Social Media Marketing Success…Wait For It
No marketing conversation today is ever complete without a discussion about social media. These conversations usually feature a rich repertoire of the phrases du jour, and normally conclude with all parties agreeing that there is room for both social and traditional marketing; that great brands are platform agnostic; and that the key to modern brand alchemy is a balancing act of various levers that should take into account the ebb and flow of business realities. Or something like that.
Perhaps it’s this double talk that leaves many feeling lukewarm about the real benefits of social versus traditional marketing. It doesn’t help that many of the self-appointed social media “gurus” are online shakedown artists often with very little brand marketing experience.
Let’s take a step back and acknowledge we’re in the formative stages of a nascent industry. For every crowd-pleasing Old Spice campaign, there’s an enraged group of Motrin “mommybloggers.” These triumphs and missteps are to be expected as brands grapple with new media that is at once more engaging, accessible, interactive, irreverent and heaven forbid, transparent than the traditional channels of marketing.
Shareability — a Reflection of Consumer Behavior
Who first saw Nike’s “Write The Future” campaign while watching TV? Or saw Tennessee gubernatorial hopeful Basil Marceaux’s stump speech on the news? If you answered yes to either of those questions I’d venture to say you’re in the minority. Chances are, both popped up in your Facebook or Twitter feeds. We often hear that if Facebook were a country, it would have the third biggest population in the world. Twitter is estimated to have 100 million users worldwide. If that’s where the customers are, brands had better be there too.
Content is now being shared and spread at the consumers’ discretion. Social media is simply the conduit, not the message. Brands have long sought to trigger emotion through humor and storytelling, but now that the ability to share is a click away, never has either skill been more important.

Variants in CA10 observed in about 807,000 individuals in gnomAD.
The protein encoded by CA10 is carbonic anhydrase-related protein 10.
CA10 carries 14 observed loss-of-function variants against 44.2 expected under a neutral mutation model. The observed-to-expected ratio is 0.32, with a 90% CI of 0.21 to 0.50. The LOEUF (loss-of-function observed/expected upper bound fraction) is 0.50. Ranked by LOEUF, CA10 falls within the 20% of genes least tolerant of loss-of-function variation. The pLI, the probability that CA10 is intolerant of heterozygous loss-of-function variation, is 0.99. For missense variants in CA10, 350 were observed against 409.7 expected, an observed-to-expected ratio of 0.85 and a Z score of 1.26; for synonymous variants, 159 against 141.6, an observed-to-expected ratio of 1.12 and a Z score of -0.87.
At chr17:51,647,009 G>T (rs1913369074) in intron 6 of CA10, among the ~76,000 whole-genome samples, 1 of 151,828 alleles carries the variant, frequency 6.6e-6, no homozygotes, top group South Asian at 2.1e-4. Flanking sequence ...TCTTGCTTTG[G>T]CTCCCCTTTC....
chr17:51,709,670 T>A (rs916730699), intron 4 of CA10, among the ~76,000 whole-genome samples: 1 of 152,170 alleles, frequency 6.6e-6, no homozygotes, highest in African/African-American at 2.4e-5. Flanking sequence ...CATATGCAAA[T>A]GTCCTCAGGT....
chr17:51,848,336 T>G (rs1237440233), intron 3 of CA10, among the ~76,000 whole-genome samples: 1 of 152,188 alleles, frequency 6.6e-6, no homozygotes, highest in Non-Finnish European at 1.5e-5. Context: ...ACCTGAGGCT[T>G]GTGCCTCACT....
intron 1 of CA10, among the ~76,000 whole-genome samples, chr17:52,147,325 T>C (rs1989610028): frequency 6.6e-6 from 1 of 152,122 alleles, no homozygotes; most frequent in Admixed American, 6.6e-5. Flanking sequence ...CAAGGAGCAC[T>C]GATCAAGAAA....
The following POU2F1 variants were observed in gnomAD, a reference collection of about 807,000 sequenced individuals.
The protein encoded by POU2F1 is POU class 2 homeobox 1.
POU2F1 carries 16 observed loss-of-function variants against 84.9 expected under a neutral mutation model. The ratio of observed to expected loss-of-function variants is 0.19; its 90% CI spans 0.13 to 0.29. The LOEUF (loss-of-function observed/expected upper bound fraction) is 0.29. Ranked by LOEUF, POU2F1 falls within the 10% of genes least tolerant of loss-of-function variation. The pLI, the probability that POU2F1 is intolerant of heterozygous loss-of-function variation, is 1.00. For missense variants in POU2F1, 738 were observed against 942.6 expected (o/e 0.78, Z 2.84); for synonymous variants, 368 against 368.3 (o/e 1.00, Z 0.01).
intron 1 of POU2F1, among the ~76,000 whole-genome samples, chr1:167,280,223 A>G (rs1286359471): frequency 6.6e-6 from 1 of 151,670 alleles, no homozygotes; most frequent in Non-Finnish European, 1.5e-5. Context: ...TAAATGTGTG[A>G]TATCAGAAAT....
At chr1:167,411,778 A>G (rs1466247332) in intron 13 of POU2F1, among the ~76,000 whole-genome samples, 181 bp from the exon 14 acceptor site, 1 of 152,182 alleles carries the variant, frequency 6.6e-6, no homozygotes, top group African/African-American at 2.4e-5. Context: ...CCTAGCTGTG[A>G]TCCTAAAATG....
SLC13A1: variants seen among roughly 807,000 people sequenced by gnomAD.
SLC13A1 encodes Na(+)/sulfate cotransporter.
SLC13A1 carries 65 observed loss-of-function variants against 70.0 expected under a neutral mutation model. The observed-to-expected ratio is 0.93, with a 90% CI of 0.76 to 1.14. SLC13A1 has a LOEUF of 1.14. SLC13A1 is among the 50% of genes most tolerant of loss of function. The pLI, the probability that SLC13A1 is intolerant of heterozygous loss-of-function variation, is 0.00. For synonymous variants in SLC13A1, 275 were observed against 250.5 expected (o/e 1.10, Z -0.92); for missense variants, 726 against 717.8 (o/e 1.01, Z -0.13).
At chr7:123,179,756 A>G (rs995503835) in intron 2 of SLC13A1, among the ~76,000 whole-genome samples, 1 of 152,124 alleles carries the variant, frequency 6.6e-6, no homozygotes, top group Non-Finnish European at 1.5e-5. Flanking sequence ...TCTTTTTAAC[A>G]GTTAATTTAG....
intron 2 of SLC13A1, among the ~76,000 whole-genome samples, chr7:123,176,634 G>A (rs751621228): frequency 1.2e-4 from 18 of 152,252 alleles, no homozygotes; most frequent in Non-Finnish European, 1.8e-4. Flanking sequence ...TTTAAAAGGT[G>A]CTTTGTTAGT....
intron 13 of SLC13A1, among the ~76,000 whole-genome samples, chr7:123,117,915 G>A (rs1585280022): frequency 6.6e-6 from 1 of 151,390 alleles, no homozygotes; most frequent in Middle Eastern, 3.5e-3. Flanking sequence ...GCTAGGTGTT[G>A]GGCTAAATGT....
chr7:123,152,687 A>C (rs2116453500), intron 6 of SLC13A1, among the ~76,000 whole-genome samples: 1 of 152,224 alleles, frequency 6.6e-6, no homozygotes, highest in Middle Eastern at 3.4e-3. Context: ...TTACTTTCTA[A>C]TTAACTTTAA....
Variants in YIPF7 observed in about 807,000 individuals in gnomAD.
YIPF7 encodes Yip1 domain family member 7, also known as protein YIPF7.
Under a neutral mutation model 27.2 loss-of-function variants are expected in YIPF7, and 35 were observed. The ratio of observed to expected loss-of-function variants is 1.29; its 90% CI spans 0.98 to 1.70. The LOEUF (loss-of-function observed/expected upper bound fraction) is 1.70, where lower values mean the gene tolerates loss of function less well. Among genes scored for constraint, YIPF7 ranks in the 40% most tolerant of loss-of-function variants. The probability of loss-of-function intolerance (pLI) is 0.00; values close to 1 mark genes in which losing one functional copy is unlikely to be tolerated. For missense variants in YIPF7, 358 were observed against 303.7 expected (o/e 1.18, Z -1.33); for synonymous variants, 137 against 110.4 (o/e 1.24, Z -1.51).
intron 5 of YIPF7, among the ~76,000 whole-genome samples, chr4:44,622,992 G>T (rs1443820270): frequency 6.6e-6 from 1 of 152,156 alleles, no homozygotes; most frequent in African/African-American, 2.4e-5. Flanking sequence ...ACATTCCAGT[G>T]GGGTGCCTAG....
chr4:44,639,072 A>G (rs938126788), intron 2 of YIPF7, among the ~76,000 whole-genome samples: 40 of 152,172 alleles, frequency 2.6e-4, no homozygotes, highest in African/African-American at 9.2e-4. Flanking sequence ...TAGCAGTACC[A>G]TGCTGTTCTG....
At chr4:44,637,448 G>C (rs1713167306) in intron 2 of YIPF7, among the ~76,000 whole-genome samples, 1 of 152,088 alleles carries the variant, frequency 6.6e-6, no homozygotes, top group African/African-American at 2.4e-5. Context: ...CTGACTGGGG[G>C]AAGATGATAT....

ROI — The Elephant in the Room
So we know people are using it, that’s great, but how do brands calculate what to spend on it?
Once upon a time, calculating the return on investment (ROI) of a brand’s marketing was a simpler proposition. An ad campaign ran for a specified period and was deemed a success or failure based on whether it met predetermined sales targets. If sales were up, great. If not, perhaps try a new agency. Rinse, wash, repeat.
Measuring social media’s effect is a much trickier proposition. While few marketers would argue that heightened consumer engagement and participation is a bad thing, being able to quantify, and therefore justify, its existence is a different proposition altogether.
A recent report from research firm Forrester suggests we should stop looking at social media as a zero-sum, dollars in/dollars out proposition. Analyst and report author Augie Ray writes:
Many marketers can draw a straight line between investments in social media marketing and financial results, but many more cannot. This doesn’t mean social media marketing is ineffective; it just means that marketers have to recognize benefits beyond dollars and cents. Facebook fans, retweets, site visits, video views, positive ratings and vibrant communities are not financial assets–they aren’t reflected on the balance sheet and can’t be counted on an income statement–but that doesn’t mean they are valueless. Instead, these are leading indicators that the brand is doing something to create value that can lead to financial results in the future.
Or as the economist Robert Chambers put it, “Count the numbers and only numbers count.” For this reason, any social media initiative should be approached patiently and considered an exercise in delayed gratification.
The Forrester report also highlights social media’s ongoing effectiveness as a safeguard mechanism against unforeseen brand challenges. All things considered, having a steady social media presence can be more convenient and cost effective than outsourcing communications projects on an as need basis. Furthermore, this can evolve into more than just a promotional tool and become a competitive advantage for the brand. A well-known example of this is the now famous “Comcast Cares” Twitter account that responds to complaints much faster than waiting on the phone for the customer service recording.
Social media is not the panacea that its boosters claim, nor the waste of time and resources its critics believe.
No one has it all figured out yet. But brands that hope to channel Woody Allen and succeed by virtue of merely “showing up” are bound to fail.
Engage. Delight. Stand for something. The best social media strategies tend to also be the best brand strategies.